Two species of eagles are found in North America---the golden eagle and the bald eagle. Both are skilled hunters and birds of prey, although one will often resort to stealing food from other raptors when the situation arises. The bald eagle is the national emblem of the United States, while the golden eagle earned the same honor in Mexico.
The golden eagle and bald eagle are similar in size, both weighing six to 14 pounds. The bald eagle, according to the Cornell Lab of Ornithology, can measure as long as 37.8 inches, while the golden eagle's maximum length is slightly less. However, the golden eagle possesses a larger wingspan, in the range of from 72.8 to 86.6 inches. The bald eagle has a wingspan of about 80 inches.
The bald eagle has a dark brown body, but the tail and the head are white; the white head gives the bird its name. The bald eagle has a sturdy yellow bill. The golden eagle is all brown, with the head and nape of the neck a tawny shade. The bill on the golden eagle is typically darker than that of the bald eagle. Both birds have sharp talons and hooked bills.
The bald eagle inhabits wooded regions in close proximity to large waterways and lakes, spending the winter in coastal locations or near rivers and lakes that fail to freeze over. The bald eagle's range covers much of Canada and the United States. The golden eagle is much more common in the western half of North America, with only occasional sightings of the bird in the eastern sections. This raptor prefers mountain forests, tundra and open prairies where it can hunt.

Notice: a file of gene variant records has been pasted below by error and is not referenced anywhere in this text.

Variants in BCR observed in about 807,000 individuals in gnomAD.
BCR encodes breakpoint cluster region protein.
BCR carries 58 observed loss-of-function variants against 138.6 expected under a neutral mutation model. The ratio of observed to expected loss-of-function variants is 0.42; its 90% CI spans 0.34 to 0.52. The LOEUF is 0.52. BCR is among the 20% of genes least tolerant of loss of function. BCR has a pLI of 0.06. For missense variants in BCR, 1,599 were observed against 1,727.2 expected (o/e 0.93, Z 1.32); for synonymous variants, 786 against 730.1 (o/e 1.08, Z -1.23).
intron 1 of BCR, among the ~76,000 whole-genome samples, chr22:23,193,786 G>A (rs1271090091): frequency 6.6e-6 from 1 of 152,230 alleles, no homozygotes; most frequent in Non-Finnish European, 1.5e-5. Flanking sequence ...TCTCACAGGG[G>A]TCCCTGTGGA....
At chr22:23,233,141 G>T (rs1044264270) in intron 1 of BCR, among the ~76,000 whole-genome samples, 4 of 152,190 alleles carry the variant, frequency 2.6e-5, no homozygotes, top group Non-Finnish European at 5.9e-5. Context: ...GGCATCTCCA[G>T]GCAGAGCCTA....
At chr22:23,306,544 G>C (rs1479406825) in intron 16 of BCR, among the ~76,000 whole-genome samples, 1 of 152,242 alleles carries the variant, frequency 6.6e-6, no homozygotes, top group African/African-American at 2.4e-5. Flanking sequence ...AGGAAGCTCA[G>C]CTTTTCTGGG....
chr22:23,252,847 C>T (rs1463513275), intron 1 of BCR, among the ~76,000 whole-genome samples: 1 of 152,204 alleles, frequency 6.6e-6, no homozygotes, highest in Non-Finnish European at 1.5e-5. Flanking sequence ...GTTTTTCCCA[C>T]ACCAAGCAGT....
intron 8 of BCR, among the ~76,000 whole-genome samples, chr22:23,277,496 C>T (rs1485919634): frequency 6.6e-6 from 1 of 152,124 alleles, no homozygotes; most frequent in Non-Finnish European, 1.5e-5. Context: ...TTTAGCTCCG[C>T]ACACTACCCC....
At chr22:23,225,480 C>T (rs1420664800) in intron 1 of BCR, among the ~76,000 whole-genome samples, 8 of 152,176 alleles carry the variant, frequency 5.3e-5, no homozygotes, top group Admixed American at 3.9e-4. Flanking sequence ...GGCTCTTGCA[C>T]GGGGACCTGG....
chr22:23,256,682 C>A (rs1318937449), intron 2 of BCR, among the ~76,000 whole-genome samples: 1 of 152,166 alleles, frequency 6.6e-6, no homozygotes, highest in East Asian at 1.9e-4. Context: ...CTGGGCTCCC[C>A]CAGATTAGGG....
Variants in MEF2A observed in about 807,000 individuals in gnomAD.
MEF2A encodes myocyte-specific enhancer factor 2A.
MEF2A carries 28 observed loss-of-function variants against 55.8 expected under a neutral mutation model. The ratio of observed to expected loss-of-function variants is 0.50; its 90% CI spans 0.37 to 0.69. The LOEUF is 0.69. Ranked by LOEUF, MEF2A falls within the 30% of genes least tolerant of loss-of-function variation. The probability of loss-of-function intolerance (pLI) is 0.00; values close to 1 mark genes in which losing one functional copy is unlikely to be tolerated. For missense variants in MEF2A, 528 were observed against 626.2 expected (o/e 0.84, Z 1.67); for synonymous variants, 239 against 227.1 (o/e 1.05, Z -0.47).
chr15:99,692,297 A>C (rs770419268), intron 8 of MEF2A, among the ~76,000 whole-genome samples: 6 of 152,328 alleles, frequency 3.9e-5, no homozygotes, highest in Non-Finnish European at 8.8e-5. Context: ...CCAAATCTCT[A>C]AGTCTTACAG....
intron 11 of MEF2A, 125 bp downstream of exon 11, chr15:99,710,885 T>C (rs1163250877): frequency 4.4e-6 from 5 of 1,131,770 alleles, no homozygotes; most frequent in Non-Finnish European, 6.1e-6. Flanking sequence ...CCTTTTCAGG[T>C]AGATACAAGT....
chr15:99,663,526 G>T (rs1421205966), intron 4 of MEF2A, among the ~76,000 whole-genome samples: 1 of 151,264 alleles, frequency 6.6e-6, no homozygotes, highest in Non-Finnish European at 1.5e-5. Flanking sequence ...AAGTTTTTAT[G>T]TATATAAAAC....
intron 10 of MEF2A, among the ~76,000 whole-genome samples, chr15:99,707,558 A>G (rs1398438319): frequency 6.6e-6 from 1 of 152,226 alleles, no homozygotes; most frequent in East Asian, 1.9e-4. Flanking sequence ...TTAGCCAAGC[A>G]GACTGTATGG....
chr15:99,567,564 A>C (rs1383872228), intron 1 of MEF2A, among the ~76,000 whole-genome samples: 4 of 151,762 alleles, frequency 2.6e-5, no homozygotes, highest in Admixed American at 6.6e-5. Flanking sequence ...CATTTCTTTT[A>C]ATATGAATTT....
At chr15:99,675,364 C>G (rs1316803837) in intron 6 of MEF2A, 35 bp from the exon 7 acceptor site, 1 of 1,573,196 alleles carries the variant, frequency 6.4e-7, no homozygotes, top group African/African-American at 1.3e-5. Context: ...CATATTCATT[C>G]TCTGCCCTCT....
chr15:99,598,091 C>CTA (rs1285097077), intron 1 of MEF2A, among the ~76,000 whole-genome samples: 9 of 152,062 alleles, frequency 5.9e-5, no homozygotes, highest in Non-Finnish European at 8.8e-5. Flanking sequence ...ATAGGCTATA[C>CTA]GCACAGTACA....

The diet of the bald eagle is mostly fish, which the bird snatches from the water in flight. Bald eagles often steal the catch of another large bird of prey called the osprey. Bald eagles also eat carrion, as well as small mammals and other birds. The golden eagle seldom will dine on carrion, instead relying on its ability as a hunter to find and kill animals as large as groundhogs, foxes, skunks and squirrels. The bald eagle's diet often forces it to migrate away from cold winters, but the golden eagle often stays on, using its hunting skill to kill a variety of prey.
The North American eagles construct large nests from sticks and twigs. The bald eagle normally builds its nest in a very tall tree, seldom constructing a nest a cliff or on the ground. The golden eagle usually builds its nest on a cliff ledge. Very few build their nests in trees. Both species reuse nests if they find them in good condition from year to year.
- Cornell Lab of Ornithology All About Birds: Golden Eagle
- Cornell Lab of Ornithology All About Birds: Bald Eagle
- Bald Eagle Info: Golden Eagle
- "National Audubon Society Field Guide to Birds"; John Bull and John Farrand Jr; 2008
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